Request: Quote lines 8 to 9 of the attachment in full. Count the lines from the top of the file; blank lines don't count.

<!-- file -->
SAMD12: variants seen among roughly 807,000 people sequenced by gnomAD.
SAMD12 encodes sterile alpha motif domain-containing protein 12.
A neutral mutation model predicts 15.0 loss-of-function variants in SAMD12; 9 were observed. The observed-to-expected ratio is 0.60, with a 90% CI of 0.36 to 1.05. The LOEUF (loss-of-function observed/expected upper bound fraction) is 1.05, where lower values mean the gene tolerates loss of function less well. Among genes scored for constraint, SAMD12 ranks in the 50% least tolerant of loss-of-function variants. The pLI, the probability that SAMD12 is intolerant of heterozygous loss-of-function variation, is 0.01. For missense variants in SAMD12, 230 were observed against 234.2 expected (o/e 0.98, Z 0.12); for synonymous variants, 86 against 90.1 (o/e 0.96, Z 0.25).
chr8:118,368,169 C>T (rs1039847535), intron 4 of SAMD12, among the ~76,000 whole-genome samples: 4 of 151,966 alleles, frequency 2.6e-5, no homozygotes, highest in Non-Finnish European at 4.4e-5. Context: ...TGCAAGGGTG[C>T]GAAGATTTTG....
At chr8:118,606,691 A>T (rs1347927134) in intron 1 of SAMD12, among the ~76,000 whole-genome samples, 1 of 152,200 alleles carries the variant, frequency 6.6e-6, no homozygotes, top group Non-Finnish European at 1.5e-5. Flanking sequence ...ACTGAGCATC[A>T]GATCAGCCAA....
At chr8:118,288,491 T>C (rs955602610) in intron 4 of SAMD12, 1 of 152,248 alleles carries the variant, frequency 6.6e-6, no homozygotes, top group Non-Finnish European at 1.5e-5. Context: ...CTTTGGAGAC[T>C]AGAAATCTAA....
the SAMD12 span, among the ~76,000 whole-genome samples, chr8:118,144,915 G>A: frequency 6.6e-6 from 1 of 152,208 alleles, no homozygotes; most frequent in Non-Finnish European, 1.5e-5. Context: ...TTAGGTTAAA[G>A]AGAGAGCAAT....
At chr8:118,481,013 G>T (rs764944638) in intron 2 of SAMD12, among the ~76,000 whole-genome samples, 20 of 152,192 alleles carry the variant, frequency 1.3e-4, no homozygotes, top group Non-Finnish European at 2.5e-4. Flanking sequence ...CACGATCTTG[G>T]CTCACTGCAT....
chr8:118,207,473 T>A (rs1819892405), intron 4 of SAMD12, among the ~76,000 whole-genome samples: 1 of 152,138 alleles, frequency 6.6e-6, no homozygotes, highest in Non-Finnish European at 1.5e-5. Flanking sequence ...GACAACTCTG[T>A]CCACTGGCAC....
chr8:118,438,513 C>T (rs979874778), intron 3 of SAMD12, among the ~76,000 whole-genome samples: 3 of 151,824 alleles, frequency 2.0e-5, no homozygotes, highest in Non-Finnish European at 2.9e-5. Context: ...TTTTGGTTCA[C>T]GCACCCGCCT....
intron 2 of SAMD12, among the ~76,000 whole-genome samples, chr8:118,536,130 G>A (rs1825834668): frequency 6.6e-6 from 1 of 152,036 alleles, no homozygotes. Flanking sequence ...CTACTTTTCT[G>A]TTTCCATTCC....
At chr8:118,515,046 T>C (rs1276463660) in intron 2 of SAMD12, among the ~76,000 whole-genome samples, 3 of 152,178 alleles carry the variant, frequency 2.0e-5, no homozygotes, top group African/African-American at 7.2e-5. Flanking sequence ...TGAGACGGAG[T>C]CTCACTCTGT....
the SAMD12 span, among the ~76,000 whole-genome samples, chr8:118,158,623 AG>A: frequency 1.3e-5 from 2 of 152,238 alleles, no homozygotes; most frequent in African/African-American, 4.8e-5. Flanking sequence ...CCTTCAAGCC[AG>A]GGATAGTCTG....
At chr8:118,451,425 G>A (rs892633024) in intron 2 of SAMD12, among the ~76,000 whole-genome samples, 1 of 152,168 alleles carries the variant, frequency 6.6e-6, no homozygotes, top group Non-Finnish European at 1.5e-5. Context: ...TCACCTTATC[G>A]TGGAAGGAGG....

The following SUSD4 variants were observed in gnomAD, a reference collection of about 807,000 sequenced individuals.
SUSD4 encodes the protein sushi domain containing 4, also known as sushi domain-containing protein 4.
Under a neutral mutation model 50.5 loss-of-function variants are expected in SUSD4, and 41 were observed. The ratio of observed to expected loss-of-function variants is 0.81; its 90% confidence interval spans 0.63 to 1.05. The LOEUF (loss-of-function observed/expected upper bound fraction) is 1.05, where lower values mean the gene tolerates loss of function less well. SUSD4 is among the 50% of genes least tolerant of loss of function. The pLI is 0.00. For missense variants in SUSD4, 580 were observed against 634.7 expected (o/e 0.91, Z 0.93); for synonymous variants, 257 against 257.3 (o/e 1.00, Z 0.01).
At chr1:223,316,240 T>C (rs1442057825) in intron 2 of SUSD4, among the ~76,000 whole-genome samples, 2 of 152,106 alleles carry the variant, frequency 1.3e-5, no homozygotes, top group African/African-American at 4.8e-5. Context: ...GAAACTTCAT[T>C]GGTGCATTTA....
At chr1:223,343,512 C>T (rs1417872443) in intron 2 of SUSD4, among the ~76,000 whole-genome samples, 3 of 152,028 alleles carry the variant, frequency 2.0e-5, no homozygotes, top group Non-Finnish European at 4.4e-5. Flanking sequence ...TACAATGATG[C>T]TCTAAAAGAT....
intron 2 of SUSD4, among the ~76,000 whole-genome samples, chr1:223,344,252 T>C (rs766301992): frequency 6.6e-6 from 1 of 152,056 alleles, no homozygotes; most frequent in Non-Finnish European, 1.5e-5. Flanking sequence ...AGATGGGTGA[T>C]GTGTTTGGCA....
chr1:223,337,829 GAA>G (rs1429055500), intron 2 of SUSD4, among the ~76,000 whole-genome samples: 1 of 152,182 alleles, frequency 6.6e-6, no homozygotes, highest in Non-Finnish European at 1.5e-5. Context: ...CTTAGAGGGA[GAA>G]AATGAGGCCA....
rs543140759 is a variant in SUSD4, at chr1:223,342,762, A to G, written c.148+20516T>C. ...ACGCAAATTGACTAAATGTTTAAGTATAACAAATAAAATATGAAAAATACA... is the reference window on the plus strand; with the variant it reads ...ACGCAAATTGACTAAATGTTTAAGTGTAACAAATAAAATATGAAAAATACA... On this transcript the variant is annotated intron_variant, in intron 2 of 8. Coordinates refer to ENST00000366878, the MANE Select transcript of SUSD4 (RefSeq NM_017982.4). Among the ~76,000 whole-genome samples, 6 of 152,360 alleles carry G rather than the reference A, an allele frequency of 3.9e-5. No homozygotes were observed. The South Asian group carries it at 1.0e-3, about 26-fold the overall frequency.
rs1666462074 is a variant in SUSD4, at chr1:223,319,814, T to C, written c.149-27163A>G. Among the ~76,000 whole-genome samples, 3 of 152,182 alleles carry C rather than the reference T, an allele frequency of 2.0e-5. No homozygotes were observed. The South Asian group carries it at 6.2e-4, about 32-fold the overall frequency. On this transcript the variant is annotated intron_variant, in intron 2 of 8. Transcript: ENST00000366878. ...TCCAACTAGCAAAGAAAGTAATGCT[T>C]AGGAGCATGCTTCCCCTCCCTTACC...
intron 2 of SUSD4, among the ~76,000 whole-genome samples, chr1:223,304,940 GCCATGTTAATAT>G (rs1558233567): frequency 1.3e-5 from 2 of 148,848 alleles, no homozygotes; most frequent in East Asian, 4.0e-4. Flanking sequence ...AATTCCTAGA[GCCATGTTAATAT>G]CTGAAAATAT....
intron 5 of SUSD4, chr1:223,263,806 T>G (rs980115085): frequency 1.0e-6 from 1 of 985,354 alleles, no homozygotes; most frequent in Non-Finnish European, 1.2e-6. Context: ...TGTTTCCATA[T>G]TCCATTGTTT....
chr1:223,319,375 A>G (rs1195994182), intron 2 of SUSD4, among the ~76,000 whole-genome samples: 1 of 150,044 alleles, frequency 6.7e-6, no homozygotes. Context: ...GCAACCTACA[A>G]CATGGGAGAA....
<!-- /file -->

At chr8:118,481,013 G>T (rs764944638) in intron 2 of SAMD12, among the ~76,000 whole-genome samples, 20 of 152,192 alleles carry the variant, frequency 1.3e-4, no homozygotes, top group Non-Finnish European at 2.5e-4. Flanking sequence ...CACGATCTTG[G>T]CTCACTGCAT....
chr8:118,207,473 T>A (rs1819892405), intron 4 of SAMD12, among the ~76,000 whole-genome samples: 1 of 152,138 alleles, frequency 6.6e-6, no homozygotes, highest in Non-Finnish European at 1.5e-5. Flanking sequence ...GACAACTCTG[T>A]CCACTGGCAC....